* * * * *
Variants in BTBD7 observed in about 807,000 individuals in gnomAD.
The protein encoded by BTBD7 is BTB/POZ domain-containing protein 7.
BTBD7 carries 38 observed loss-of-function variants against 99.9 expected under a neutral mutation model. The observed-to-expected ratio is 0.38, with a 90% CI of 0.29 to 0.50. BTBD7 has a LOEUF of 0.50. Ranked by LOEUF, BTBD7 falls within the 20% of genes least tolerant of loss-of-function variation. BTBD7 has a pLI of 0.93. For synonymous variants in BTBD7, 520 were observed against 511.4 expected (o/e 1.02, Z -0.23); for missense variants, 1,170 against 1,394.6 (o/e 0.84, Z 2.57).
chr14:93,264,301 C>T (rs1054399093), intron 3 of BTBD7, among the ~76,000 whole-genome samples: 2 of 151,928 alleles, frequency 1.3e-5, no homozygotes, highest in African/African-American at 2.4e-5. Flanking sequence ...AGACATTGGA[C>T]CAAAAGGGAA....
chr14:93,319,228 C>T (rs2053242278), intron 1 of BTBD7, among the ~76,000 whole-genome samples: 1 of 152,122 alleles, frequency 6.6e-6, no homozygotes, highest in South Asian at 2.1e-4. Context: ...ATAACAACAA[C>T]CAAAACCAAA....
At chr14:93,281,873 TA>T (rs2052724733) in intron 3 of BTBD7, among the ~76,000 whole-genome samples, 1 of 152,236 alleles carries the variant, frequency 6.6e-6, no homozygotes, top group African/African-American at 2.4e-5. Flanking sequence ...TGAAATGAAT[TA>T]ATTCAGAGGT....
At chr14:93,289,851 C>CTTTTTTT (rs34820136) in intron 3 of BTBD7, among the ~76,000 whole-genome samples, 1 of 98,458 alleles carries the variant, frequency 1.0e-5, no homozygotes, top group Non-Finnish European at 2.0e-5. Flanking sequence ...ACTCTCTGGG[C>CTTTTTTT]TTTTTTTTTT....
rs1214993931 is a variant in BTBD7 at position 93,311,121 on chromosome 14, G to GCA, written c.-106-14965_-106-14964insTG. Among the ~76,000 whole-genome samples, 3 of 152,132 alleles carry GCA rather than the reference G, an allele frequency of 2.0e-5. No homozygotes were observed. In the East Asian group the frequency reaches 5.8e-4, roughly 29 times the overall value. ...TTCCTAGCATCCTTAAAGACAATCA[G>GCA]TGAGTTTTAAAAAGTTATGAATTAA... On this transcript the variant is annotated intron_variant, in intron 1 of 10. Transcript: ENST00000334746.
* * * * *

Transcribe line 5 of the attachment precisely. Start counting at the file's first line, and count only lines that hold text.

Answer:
chr14:93,319,228 C>T (rs2053242278), intron 1 of BTBD7, among the ~76,000 whole-genome samples: 1 of 152,122 alleles, frequency 6.6e-6, no homozygotes, highest in South Asian at 2.1e-4. Context: ...ATAACAACAA[C>T]CAAAACCAAA....